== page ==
Of a more recent era there were breadweighing scales, where the lump of dough was held in grips and weights placed the other side to balance, glass bottles and china ‘shards’ of the 19th/20th centuries, including parts of a shaving paste pot, whetstones that had been ‘imported from Cornwall’ for sharpening knives in Medieval Times, clay pipes that dated from the 1500 A.D. made possibly at Chudleigh, Exeter or Plymouth, and a tin miners token of 1811 made mostly of copper, this one depicts a wheel and tin ore stamps on one side, and the three feathers of The Prince of Wales on the other. These tokens are significant of the times of the industrial revolution, in other parts of the country similar tokens can be found depicting furnaces, hop-picking and other industries and activities. There were also parts of clay pots dating from 13th - 18th centuries. A couple of collections of bottles and glass showed how that too had evolved over the years, from hand-blown with the necks cut off roughly, to the factory moulded styles, also a waste lump of glass that had been discarded, some of this reminded us of our visit to Meldon where glass of a similar green colour was once manufactured. The china showed the different types of clay or earthenware that was available at different periods and from difference sources. The types of sand used in the manufacture of these items could be seen by the discerning eye, shiny crystals in some clay showing that the sand used, had been washed down the rivers from the high moors, while the duller mud type clays came from other areas, the shiny pots were made at Totnes, some of the other had been produced at Exeter and Bideford. A shard which was a leg from a three-legged cooking utensil, found near the site of a local 17th century tin mine, along with clay pipes, all adding to the understanding of the lives of those that lived and worked in and around Widecombe. Thatching artefacts, needles and hooks, nails, horseshoes, ironwork, all possibly made by local blacksmiths, part of the swivel system for a hand ‘threshel’, (used for the threshing of corn), made from horn, was at least 100 years old. Hand made pottery bucket handles dating from the 17th century up to more recent times, reference was then made to the virtually complete pot found at Dinna Clerks, now in the museum at Exeter. This led to the mention of cooking by ‘camp-kettle’, the inverted crock placed over the meal and covered by hot ash until it was cooked. A larger handle that could have come from a ‘saltern’, a large earthenware container that was used to salt in a pig, this would often have a wooden lid. Also shown were a couple of bottle openers that were used for the old ‘marble’ lemonade bottles.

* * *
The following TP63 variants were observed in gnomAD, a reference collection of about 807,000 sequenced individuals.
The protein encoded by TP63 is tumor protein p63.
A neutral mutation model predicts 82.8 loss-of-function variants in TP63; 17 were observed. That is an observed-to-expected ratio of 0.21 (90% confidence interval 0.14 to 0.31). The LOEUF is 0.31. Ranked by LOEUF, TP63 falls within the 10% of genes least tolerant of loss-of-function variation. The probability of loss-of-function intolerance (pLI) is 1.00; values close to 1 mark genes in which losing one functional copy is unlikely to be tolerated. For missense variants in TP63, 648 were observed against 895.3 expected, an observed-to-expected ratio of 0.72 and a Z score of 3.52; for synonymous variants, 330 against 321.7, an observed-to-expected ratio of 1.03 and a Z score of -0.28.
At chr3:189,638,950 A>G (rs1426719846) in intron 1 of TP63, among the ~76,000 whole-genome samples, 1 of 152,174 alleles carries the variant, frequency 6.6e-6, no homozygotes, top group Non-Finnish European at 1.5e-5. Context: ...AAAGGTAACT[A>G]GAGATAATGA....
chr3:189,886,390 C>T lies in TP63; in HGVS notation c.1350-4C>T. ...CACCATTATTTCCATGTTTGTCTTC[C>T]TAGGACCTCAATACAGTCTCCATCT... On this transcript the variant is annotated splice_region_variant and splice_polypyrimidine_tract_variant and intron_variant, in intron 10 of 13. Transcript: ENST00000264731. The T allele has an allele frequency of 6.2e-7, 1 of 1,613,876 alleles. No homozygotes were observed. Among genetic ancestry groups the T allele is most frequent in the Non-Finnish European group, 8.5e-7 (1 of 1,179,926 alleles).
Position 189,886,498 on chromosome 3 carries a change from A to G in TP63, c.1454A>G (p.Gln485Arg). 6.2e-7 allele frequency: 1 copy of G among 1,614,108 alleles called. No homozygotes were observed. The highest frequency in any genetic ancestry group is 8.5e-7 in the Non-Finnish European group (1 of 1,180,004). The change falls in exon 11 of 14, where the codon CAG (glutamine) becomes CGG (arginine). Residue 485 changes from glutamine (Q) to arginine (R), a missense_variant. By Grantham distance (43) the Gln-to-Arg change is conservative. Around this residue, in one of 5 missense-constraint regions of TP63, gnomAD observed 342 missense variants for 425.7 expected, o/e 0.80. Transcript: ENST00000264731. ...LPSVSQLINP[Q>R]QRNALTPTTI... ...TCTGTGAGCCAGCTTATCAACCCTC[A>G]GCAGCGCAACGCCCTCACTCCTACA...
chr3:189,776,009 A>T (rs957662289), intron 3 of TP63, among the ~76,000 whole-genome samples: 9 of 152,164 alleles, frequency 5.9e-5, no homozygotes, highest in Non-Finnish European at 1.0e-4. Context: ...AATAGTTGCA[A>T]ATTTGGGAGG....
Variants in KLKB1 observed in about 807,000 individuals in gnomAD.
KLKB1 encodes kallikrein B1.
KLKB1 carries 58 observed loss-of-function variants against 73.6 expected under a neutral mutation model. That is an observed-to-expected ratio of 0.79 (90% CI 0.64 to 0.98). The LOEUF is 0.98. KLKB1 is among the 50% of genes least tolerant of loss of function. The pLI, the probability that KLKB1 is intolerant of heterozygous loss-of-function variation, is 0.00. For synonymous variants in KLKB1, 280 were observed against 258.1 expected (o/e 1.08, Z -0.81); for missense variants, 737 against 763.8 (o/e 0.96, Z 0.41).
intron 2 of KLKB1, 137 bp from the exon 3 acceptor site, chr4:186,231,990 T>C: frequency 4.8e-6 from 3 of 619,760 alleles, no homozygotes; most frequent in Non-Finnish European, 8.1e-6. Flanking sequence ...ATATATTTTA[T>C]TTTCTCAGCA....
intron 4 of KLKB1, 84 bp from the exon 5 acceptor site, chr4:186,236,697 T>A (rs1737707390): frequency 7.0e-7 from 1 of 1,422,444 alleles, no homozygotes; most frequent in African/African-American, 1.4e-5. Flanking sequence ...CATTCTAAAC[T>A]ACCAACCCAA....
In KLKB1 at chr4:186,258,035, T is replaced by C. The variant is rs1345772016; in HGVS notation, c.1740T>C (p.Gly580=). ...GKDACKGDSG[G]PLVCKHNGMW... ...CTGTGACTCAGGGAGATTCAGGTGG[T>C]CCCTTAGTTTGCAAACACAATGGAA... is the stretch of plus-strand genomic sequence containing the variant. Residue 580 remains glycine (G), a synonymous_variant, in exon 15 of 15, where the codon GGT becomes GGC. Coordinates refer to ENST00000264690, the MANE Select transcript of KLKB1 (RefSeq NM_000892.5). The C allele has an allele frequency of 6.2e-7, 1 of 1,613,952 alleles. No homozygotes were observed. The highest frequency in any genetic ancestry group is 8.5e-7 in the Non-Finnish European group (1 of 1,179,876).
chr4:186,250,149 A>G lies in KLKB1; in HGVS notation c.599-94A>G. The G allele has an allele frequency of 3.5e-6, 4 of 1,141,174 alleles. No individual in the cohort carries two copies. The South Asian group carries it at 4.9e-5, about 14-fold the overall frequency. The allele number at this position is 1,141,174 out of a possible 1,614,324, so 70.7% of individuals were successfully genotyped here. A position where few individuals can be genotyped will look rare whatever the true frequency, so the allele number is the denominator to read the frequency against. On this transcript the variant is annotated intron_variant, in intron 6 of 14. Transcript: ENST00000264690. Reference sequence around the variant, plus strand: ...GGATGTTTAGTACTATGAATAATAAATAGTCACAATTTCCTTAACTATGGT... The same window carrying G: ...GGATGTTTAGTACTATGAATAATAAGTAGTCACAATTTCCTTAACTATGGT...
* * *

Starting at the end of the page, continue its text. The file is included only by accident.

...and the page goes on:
John Allen said that very often when asked to view collections of ‘finds’, it is difficult to discover very many items of interest, this can be disappointing, to him, and to those that have treasured the things on show for years, hoping that they were of great historical importance and interest. In those cases he has to be careful not to upset the collectors but at the end of the day he can only speak on what he has been shown.
Here at Widecombe he was quite astonished at the vast amount of seriously interesting and important items that were on display, he wants the location of each find recorded as accurately as possible.
This can take the form of grid references, field names if appropriate, or other location. This adds to the archaeological importance of the find as it can be used to help plot the activity and proximity to other finds and help build up the true historical picture of the area. The ‘providence’ of a find is vital for accurate archaeology.